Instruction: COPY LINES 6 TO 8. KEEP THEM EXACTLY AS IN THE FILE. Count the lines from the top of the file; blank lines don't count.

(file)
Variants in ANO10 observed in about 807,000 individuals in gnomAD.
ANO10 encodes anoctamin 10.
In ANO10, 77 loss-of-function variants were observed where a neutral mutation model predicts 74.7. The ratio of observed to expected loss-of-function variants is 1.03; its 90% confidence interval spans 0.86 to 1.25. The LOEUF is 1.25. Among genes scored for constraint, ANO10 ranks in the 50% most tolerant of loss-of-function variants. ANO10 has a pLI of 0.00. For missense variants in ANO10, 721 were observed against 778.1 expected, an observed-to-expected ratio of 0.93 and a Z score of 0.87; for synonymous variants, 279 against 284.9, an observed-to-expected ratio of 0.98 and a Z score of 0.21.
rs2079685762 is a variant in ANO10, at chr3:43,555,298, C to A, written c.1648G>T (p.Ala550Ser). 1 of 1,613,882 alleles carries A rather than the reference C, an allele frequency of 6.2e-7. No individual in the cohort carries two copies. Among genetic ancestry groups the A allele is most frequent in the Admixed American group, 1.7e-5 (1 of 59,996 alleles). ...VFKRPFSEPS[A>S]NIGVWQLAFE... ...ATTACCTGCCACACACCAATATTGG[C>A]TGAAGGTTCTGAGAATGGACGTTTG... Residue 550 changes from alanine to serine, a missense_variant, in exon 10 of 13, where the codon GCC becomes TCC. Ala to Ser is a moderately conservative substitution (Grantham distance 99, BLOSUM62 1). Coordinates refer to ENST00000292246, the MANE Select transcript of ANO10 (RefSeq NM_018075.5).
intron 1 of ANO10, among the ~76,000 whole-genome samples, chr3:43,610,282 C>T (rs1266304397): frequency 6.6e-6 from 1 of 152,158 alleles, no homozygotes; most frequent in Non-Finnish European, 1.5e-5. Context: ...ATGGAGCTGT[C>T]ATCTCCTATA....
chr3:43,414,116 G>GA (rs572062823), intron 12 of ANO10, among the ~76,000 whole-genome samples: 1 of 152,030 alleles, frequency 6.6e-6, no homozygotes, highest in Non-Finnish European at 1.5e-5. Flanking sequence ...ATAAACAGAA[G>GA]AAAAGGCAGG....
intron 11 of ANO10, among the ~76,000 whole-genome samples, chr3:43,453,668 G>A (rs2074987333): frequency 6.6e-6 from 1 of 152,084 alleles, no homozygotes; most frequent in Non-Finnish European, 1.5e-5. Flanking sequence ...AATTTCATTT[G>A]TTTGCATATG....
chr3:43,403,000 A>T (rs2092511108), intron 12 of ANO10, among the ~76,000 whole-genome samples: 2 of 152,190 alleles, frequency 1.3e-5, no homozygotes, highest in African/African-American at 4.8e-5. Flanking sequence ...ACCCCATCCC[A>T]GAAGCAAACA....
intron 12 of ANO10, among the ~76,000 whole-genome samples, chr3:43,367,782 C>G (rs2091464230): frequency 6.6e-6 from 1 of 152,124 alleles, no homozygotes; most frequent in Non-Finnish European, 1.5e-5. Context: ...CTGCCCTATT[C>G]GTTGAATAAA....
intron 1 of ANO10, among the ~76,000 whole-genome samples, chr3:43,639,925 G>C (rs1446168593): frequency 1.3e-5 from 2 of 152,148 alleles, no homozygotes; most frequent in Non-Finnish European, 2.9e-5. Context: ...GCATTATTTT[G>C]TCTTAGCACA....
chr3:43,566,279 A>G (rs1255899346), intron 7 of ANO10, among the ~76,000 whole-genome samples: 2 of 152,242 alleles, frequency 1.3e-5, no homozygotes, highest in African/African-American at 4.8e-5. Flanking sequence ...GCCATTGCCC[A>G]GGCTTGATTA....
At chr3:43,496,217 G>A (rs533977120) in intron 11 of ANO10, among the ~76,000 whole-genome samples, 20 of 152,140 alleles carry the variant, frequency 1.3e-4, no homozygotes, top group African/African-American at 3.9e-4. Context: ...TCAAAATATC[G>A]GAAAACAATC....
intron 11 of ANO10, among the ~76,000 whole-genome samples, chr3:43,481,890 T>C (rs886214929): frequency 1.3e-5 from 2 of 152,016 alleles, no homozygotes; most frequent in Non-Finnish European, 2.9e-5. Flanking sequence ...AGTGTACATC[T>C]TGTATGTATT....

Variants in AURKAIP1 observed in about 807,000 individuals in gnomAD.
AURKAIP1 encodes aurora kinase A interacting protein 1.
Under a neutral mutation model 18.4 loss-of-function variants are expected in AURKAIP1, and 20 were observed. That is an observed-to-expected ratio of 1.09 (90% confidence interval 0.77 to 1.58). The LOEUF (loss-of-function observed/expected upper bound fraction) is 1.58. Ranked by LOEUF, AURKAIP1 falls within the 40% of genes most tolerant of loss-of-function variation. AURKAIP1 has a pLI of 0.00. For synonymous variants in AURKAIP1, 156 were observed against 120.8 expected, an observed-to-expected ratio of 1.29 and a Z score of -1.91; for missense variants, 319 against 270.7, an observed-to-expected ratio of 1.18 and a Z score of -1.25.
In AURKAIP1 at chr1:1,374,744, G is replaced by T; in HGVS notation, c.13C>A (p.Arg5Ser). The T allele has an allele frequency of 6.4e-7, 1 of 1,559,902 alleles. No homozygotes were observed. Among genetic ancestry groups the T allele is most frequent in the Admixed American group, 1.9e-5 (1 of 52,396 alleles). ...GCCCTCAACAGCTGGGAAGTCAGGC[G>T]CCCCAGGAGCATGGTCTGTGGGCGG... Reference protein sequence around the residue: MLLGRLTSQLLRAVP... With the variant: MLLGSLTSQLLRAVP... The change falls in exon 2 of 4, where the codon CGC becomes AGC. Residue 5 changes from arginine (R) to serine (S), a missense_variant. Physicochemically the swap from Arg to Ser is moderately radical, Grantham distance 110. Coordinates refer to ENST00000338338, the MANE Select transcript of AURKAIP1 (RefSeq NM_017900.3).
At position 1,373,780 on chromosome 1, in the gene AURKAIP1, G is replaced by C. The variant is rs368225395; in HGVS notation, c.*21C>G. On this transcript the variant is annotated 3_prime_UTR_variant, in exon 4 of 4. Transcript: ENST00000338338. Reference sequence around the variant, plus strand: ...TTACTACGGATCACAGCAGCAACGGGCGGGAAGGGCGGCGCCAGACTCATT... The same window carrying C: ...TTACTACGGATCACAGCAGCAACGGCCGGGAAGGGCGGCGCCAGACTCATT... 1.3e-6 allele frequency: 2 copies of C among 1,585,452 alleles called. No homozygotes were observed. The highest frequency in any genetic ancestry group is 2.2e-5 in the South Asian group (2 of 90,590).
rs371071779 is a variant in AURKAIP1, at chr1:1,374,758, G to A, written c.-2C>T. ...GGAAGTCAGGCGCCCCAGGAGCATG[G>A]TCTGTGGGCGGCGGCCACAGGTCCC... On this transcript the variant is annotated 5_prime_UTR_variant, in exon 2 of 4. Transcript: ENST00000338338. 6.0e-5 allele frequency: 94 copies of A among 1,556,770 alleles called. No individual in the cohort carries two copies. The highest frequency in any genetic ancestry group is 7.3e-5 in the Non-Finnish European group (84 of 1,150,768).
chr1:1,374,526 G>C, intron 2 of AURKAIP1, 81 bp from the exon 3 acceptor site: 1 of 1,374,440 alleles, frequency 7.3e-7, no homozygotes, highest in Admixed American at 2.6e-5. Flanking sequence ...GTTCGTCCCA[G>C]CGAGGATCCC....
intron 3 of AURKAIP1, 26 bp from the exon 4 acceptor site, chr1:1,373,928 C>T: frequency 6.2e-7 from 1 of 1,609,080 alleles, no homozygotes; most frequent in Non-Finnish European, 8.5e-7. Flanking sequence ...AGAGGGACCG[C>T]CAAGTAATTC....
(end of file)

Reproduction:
chr3:43,414,116 G>GA (rs572062823), intron 12 of ANO10, among the ~76,000 whole-genome samples: 1 of 152,030 alleles, frequency 6.6e-6, no homozygotes, highest in Non-Finnish European at 1.5e-5. Flanking sequence ...ATAAACAGAA[G>GA]AAAAGGCAGG....
intron 11 of ANO10, among the ~76,000 whole-genome samples, chr3:43,453,668 G>A (rs2074987333): frequency 6.6e-6 from 1 of 152,084 alleles, no homozygotes; most frequent in Non-Finnish European, 1.5e-5. Flanking sequence ...AATTTCATTT[G>A]TTTGCATATG....
chr3:43,403,000 A>T (rs2092511108), intron 12 of ANO10, among the ~76,000 whole-genome samples: 2 of 152,190 alleles, frequency 1.3e-5, no homozygotes, highest in African/African-American at 4.8e-5. Flanking sequence ...ACCCCATCCC[A>T]GAAGCAAACA....